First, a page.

A recent Salerno project fits the mold for New Traditional to perfection. The home kitchen of a professional pastry chef, it blends traditional and contemporary elements, with two-toned cabinetry, stainless steel appliances, black stone countertops, a custom metal hood and traditional lighting. A ceiling detail featuring art deco tin tiles echoes the traditional architecture. But the big challenge here was fitting in four ovens.
One was a steam oven, an item that Salerno calls “the hottest appliance today.” He raves about his own steam oven and his success cooking exotic dishes in it. He and son Anthony, plus the rest of the design staff, take Culinary Institute of America cooking courses every year. “That’s one of the reasons we’re leaders in kitchen design,” he believes. “We know how a kitchen is supposed to work.”
It’s hardly surprising that Mick De Giulio of de Giulio Designs of Wilmette and Chicago, IL welcomes the New Traditional trend. Creating the perfect blend of classic and contemporary elements has been a cornerstone of his work for many years, so he sees the emergence of New Traditional as a great time for creativity.
“I expect that we’ll see a lot more style crossovers now,” he notes. “But let us remember that we don’t live in Disney World. Yes, we want the warmth of traditional, but let us keep it real and functional.”
De Giulio’s kitchens for clients from around the world, as well as his product innovations for major manufacturers like SieMatic, Kallista and Sub-Zero/Wolf, offer plenty of proof that this designer heeds his own words. Beauty and function are designed into every space, and have resulted in numerous awards and two lavishly illustrated books dedicated to his work.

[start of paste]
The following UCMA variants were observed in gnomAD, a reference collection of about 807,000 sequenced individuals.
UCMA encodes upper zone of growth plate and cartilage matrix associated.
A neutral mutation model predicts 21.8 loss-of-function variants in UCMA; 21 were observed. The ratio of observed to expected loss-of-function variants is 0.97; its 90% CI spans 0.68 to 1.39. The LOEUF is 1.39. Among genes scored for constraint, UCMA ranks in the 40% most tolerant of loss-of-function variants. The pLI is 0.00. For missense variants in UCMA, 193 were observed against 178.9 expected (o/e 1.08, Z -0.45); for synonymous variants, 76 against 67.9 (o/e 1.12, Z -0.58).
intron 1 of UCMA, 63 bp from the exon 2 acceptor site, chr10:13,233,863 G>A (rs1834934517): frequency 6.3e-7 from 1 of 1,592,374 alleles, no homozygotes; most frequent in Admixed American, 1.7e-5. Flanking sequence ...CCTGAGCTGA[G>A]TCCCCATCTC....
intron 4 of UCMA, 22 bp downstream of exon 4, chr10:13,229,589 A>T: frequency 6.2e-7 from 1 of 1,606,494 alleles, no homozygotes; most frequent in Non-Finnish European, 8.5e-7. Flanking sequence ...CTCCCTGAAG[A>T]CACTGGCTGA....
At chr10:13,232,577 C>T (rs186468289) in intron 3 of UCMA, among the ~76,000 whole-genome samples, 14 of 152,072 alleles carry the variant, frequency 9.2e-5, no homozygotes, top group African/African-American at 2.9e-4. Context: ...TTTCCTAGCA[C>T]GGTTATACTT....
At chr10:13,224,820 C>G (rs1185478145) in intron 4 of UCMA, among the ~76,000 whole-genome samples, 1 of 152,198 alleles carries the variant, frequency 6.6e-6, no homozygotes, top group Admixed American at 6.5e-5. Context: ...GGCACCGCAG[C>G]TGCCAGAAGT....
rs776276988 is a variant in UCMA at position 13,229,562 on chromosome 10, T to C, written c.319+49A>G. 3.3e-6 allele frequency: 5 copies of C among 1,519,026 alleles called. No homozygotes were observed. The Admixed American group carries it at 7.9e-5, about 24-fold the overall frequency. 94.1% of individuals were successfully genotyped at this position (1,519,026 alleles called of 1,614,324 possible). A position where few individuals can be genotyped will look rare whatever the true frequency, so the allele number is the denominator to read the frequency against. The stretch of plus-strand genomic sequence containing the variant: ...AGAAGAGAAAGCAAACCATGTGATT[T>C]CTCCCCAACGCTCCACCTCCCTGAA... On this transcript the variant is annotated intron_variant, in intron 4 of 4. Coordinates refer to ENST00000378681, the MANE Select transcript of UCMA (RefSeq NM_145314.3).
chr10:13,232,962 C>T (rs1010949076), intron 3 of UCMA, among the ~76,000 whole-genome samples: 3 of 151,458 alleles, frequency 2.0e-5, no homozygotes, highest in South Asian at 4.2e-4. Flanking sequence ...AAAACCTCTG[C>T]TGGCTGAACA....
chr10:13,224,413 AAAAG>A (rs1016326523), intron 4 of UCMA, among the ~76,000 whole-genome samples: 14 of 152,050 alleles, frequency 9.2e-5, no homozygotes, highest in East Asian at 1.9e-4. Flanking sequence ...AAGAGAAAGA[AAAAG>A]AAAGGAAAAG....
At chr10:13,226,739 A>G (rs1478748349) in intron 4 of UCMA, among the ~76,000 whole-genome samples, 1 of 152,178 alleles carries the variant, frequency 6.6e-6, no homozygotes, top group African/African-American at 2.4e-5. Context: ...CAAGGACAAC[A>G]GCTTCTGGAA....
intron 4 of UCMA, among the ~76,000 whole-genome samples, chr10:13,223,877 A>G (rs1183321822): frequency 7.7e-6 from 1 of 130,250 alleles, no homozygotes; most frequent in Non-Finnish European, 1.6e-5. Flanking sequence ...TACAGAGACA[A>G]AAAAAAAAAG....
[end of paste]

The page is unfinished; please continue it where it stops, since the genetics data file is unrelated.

One notable example of De Giulio’s aesthetic is a kitchen designed for an antique hilltop palazzo in Southern Italy. There, he turned a dark, 120-year-old kitchen, unused for 30 years, into a light-filled, joyous and functional space. While he kept the original terrazzo floors, he removed two walls, replacing one of them with French doors to bathe the space with light and provide easy access to al fresco dining on the adjoining terrace. Glass-fronted stainless steel storage and polished lacquer cabinetry provide lots of function and a modern vibe while antique cast iron doors retained from the original kitchen are charming bridges to the past.
In a Minnesota vacation home, De Giulio was inspired by awesome lake views and Frank Lloyd Wright to create a kitchen that soars 24 feet. To draw the eye downward, he designed a datum of lowered and lighted architectural planes around the perimeter. A mix of materials, including dark woods, quartzite and metals, create warmth, while large, hanging pendants provide a sense of intimacy. Those pendants, by the way, were inspired by Dutch tractor lights – a nod to the client’s businesses.
What are the distinguishing elements of New Traditional? Sarah Robertson of Studio Dearborn in Mamaroneck, NY finds warmer colors effective, especially pale grays and blues, and she loves tile because of its myriad patterns and colors.
“It can be modern or old, quiet or dramatic,” she says. “Tile an entire wall and perhaps the range hood, as well. That creates a sleek, airy look, which I think is especially important when you want to update an older home. Floating open shelves work, too. In one project, we departed from the side-by-side refrigerator idea, placing the freezer in the island instead. That provided a less bulky profile. Plus, I think that technology should be as invisible as possible.”
Cabinetry with furniture details is another strategy employed by many designers, but don’t overdo it, warns Dybdahl. It can get clunky, he says, and that’s not what people want from New Traditional.